By: Clemence Bernard

At times I fear that our creativity as Cornellians is too often bounded by limits we struggle to shy away from. Still, the “life-affirming project” and punk band Lust ascertained that my doubts can be all too easily dismissed.


With lyrics an expression of frustrations often geared towards a critique of over-consumerism and advertising, this project might be just what Cornell needs: energy and critical thought topped with raw vocals and a stellar beat. In the words of drummer Aaron Goldstein, “we are creating truth”. I sat down with Lust members Aaron Goldstein, Warren Lowell and Santi Slade at the Green Dragon for a chat that covered everything from Aaron’s facial hair trends to a historical overview of the many subcategories of punk and post-punk.


Lust began as a nameless project two years ago when they started playing together informally. Over the time that Goldstein left and came back, the project became Lust. Despite Slade’s argument that “it seemed like a good raw four-letter word” and their common perception that it ties well into “desire, culture, self-advancement and the physicality in it”, it came up that Lust might just have implied the band’s longing for Goldstein when he was gone.


Joining a band is not a new feat for these musicians, although their excitement for this project seems unrivalled. Guitarist Santi Slade also plays with a band in the city, the BFGs, bassist Warren Lowell was in a funk band and part of his high school philharmonic, and most surprisingly Aaron delved into bluegrass. Lust, however, is a “separate autonomous project”: it does not play covers but rather tries to write songs where lyrics have meaning and address “distinct real things”. They will fit nine songs in a twenty-minute set because, as Golstein mentioned, “it’s important to us to write a lot of music, a lot of different songs.”


In their song writing process, the band members all contribute heavily through their diverse backgrounds. Whereas Lowell appears to have the most theoretical credentials having studied music theory in high school and currently with a minor in music at Cornell, their co-writing does not simply stem from the ability to tell an F from an F# but is carried by their search for a specific sound aesthetic. The element of dissonance and their attempt to make their sound abrasive and challenging is what drives the “productive tension” in their writing sessions.


In this pursuit of a genuine punk sound, Lust produces every inch of its own sound and steers clear of a clean sound – the first EP was recorded in two hours and mastered in one. “It was free,” says Goldstein, “well not quite free, we had to pay for the microphones” Slade intervenes. Despite mixed feelings about whether higher quality equipment might detract from their sound, Lowell answers that although they might be looking for better quality equipment, the priority now is to keep writing songs.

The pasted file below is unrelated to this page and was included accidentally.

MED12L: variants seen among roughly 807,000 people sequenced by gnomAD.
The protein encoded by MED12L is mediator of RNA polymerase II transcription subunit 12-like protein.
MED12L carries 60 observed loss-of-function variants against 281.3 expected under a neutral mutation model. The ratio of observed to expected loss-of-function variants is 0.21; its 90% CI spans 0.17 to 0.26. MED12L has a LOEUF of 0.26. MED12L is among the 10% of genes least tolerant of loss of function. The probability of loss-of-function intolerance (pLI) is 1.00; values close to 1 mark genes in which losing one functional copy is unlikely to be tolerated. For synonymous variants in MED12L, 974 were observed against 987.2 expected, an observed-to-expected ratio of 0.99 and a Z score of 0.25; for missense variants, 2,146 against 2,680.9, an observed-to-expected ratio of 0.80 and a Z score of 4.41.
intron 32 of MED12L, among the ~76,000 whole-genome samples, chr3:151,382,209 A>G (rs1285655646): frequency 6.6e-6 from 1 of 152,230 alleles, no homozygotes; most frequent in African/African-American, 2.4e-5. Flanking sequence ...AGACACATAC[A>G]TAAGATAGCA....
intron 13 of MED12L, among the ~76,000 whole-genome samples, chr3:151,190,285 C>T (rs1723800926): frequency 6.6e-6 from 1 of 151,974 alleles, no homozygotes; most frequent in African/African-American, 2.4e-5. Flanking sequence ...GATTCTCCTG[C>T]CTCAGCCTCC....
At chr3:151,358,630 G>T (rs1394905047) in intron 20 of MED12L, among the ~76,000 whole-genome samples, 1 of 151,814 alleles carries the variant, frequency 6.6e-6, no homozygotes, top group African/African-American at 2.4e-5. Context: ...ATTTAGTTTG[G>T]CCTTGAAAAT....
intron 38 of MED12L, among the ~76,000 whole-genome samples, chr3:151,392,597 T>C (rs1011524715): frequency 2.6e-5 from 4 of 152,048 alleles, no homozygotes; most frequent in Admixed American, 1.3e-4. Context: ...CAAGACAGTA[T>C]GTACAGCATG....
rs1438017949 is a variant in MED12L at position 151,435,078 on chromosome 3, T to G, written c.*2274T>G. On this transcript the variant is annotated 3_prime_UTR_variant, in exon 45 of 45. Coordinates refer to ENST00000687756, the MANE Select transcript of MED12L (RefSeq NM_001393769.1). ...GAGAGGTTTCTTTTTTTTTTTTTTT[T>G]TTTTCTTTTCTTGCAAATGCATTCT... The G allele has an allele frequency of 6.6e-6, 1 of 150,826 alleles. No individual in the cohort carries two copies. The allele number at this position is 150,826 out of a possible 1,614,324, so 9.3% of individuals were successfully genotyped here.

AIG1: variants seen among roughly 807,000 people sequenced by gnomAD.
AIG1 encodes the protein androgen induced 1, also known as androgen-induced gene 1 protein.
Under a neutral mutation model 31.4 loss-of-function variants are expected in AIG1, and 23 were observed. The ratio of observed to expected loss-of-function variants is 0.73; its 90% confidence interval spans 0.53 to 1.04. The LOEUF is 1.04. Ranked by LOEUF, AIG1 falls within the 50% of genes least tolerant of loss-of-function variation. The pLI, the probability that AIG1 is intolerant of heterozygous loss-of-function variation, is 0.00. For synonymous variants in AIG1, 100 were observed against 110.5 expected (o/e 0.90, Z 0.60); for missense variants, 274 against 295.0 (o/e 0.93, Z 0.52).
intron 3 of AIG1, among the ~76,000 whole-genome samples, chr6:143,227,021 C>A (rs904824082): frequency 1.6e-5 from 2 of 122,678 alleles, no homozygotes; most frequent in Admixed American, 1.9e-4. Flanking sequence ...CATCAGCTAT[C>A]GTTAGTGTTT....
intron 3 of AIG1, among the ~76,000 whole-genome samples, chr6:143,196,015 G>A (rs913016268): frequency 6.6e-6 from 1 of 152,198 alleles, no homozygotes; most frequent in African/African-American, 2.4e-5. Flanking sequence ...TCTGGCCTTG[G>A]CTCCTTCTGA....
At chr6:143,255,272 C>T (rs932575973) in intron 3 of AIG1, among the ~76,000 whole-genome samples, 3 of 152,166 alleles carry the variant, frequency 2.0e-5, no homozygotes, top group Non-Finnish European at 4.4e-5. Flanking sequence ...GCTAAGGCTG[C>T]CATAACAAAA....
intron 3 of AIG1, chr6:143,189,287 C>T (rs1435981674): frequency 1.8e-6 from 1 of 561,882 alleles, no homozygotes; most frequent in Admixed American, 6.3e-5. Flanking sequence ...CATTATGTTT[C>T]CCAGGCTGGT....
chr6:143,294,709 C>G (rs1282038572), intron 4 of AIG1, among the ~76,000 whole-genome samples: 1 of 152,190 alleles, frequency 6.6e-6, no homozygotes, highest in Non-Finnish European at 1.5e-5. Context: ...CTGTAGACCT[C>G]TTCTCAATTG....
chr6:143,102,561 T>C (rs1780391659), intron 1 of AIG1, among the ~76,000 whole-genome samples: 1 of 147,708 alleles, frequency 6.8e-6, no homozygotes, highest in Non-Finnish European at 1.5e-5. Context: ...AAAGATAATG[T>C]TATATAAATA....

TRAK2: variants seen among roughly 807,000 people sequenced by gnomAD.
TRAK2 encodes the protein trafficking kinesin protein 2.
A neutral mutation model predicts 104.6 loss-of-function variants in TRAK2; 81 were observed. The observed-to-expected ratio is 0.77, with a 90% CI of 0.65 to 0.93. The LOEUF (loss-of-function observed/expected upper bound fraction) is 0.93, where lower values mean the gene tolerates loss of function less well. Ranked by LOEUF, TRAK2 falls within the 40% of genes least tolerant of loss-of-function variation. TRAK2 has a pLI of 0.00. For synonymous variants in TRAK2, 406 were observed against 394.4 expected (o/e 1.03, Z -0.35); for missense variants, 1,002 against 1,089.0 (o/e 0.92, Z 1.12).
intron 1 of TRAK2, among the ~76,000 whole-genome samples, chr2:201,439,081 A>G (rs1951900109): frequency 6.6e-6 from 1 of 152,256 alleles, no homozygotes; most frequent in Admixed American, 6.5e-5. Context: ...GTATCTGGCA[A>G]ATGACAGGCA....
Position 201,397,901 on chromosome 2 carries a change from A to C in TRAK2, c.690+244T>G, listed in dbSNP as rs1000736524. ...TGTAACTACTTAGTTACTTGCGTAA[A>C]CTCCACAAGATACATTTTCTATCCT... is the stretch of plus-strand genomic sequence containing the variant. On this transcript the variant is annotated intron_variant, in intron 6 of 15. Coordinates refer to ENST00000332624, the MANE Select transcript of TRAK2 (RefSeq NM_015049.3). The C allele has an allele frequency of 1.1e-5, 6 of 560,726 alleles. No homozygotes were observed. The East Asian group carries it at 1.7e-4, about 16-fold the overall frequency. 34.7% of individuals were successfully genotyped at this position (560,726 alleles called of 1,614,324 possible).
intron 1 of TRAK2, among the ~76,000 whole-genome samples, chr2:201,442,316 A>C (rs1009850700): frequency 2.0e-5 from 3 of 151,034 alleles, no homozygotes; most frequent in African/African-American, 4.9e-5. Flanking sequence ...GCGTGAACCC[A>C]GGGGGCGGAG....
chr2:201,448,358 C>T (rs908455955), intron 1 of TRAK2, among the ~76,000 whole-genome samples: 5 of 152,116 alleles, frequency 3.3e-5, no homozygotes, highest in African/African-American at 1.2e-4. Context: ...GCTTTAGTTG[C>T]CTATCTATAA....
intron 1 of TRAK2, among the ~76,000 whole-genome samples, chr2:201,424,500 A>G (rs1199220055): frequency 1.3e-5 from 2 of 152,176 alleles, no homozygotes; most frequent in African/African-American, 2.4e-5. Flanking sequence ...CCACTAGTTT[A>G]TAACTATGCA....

Their lyrics play up typical themes by adding a touch of strangeness in songs like “Watching” where someone in a relationship with another girl is watched or “Experiment” about sex in an experiment lab. By forcing the listener to confront uncomfortable dimensions of sexuality,  Slade tells us they are “bringing up what the listener thinks of as being really strange without obviously addressing it, leading to a more potent reaction.” Lust uses irony and the reality associated with it to defy trends of mass music where “overwhelmingly things are not interesting and not critical” according to Goldstein. Yet, it is still defined by an open-mindedness encompassed by Lowell’s love of Beyonce.


In discovering this wonderful project, what most resonated with me was the value in doing things yourself, one that does not seem to be emphasized enough at Cornell. As Goldstein puts it, “to be aware of your ability to design your own life and do your own thing – that’s the dream and it’s so much fun”. There are other perks to doing your own thing, as the musicians could not help but mention the fast women and the drugs that complemented fame. Still we might forgive the audacity in the name of art.


With two more EPs set to be released before the end of the semester and a performance April 11th at Watermargin co-op, the fifth band in Ithaca on band camp is an unstoppable reinvigoration of hope for all the music lovers at a school where creativity is perhaps too often contained or forgotten.